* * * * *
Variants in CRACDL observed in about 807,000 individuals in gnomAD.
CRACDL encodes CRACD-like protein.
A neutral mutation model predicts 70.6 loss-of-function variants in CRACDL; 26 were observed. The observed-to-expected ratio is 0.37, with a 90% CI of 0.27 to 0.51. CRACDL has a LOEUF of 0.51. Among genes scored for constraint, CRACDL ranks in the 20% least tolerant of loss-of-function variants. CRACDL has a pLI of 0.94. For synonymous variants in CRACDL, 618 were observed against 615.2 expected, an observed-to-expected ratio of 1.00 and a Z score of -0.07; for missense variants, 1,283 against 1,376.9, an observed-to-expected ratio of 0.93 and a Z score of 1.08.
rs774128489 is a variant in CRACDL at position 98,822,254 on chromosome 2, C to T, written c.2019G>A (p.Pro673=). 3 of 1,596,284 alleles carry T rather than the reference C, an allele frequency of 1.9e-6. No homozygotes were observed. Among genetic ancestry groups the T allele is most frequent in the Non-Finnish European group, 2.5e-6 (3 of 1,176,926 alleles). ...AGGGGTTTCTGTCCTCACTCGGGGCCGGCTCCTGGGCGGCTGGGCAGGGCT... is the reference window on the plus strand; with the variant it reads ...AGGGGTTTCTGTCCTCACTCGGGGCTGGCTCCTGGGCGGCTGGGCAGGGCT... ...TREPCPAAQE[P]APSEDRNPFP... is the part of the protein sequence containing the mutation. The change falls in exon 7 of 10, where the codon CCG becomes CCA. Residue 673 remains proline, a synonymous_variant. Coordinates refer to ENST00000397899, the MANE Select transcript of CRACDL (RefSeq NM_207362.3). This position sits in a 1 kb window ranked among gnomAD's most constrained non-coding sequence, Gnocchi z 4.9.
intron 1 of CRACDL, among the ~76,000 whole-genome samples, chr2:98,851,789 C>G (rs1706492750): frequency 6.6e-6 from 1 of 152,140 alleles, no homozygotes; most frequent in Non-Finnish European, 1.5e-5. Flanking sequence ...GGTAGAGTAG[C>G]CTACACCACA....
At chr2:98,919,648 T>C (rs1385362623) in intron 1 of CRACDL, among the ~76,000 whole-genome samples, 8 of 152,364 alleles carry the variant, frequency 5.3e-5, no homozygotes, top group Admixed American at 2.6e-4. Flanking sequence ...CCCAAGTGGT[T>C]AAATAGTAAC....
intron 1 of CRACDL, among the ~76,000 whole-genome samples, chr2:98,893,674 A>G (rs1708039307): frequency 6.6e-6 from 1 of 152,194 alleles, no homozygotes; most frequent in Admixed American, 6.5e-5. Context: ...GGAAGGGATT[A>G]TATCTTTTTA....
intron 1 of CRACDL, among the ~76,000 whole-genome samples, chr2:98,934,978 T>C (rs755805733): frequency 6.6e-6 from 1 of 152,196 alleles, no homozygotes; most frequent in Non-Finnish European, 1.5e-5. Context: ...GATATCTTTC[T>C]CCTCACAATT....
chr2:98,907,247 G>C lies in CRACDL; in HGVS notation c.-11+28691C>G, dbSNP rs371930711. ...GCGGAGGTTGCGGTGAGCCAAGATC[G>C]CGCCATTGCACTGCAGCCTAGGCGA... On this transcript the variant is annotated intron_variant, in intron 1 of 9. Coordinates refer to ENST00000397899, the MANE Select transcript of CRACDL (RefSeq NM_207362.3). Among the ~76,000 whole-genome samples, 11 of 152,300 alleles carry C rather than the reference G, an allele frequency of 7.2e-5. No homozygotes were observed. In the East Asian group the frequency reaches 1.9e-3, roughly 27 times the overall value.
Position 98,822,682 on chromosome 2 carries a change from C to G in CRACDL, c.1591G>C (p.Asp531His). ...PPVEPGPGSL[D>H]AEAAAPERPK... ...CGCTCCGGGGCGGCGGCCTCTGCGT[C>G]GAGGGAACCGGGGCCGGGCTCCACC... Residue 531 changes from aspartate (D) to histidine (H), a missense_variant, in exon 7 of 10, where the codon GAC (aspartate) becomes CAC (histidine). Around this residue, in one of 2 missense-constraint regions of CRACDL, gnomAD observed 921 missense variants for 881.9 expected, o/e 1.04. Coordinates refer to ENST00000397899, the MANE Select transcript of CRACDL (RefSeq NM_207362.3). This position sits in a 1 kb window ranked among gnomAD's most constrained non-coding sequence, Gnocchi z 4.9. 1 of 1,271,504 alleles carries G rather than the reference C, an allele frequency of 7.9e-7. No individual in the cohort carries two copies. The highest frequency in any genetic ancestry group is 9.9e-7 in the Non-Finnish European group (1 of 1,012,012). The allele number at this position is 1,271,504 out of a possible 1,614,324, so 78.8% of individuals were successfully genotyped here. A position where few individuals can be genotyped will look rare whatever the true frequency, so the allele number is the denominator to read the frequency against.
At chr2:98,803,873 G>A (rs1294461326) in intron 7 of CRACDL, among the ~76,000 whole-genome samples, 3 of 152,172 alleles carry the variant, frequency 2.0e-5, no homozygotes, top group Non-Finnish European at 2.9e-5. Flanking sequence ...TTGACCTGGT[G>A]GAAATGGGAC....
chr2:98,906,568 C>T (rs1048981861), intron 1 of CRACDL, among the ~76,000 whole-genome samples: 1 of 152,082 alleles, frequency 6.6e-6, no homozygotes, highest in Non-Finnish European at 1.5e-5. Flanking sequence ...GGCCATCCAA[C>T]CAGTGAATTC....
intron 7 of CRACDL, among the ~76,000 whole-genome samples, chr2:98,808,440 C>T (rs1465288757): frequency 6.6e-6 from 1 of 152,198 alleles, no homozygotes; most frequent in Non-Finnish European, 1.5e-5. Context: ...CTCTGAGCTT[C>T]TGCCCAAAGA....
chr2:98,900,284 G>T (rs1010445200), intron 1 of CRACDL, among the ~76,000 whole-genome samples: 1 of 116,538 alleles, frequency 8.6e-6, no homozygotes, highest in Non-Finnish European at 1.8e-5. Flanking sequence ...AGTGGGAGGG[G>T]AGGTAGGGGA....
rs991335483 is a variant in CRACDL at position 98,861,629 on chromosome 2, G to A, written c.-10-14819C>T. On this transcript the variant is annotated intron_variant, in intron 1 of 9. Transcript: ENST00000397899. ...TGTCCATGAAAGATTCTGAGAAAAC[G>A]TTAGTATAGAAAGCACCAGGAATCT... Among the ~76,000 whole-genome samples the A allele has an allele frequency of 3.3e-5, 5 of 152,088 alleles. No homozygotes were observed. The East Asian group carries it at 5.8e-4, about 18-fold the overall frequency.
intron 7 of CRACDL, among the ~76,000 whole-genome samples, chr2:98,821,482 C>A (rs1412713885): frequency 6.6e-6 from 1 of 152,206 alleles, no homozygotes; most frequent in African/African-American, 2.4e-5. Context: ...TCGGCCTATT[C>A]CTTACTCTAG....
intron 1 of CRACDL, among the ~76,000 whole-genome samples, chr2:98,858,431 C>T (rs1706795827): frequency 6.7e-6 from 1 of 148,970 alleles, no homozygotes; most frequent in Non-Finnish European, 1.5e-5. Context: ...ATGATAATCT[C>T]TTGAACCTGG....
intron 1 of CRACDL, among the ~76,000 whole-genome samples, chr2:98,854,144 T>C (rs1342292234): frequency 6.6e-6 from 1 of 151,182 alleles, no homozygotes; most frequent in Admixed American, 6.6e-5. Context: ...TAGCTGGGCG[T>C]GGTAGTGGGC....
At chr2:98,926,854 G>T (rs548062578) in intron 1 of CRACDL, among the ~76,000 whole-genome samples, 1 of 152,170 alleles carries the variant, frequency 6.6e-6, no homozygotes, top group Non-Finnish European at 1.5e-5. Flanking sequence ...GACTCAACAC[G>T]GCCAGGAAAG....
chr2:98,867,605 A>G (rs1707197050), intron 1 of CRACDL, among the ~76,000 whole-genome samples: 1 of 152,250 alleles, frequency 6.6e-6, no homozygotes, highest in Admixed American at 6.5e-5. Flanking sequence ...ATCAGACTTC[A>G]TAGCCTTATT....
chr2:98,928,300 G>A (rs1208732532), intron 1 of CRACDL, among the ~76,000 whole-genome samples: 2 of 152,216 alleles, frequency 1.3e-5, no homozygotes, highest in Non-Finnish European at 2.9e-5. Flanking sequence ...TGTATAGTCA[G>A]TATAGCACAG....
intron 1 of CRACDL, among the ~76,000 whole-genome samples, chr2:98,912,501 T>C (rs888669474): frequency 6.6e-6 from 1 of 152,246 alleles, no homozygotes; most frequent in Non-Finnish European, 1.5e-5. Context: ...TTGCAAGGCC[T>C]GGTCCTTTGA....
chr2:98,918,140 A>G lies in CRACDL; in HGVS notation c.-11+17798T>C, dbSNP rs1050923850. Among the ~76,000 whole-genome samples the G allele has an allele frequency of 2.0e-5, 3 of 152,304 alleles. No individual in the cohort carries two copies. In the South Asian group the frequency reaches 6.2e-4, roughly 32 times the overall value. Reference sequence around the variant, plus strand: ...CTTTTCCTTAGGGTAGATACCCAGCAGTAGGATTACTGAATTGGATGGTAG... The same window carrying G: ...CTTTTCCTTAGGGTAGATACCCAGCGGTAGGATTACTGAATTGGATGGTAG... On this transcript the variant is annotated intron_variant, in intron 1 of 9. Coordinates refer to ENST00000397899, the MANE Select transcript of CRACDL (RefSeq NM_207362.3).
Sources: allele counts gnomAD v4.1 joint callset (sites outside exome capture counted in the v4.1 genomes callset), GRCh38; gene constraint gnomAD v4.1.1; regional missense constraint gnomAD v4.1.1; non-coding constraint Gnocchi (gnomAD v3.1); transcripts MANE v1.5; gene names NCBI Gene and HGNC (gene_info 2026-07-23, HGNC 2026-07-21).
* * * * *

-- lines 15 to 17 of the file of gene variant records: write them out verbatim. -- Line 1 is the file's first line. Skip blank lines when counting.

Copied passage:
rs991335483 is a variant in CRACDL at position 98,861,629 on chromosome 2, G to A, written c.-10-14819C>T. On this transcript the variant is annotated intron_variant, in intron 1 of 9. Transcript: ENST00000397899. ...TGTCCATGAAAGATTCTGAGAAAAC[G>A]TTAGTATAGAAAGCACCAGGAATCT... Among the ~76,000 whole-genome samples the A allele has an allele frequency of 3.3e-5, 5 of 152,088 alleles. No homozygotes were observed. The East Asian group carries it at 5.8e-4, about 18-fold the overall frequency.
intron 7 of CRACDL, among the ~76,000 whole-genome samples, chr2:98,821,482 C>A (rs1412713885): frequency 6.6e-6 from 1 of 152,206 alleles, no homozygotes; most frequent in African/African-American, 2.4e-5. Context: ...TCGGCCTATT[C>A]CTTACTCTAG....
intron 1 of CRACDL, among the ~76,000 whole-genome samples, chr2:98,858,431 C>T (rs1706795827): frequency 6.7e-6 from 1 of 148,970 alleles, no homozygotes; most frequent in Non-Finnish European, 1.5e-5. Context: ...ATGATAATCT[C>T]TTGAACCTGG....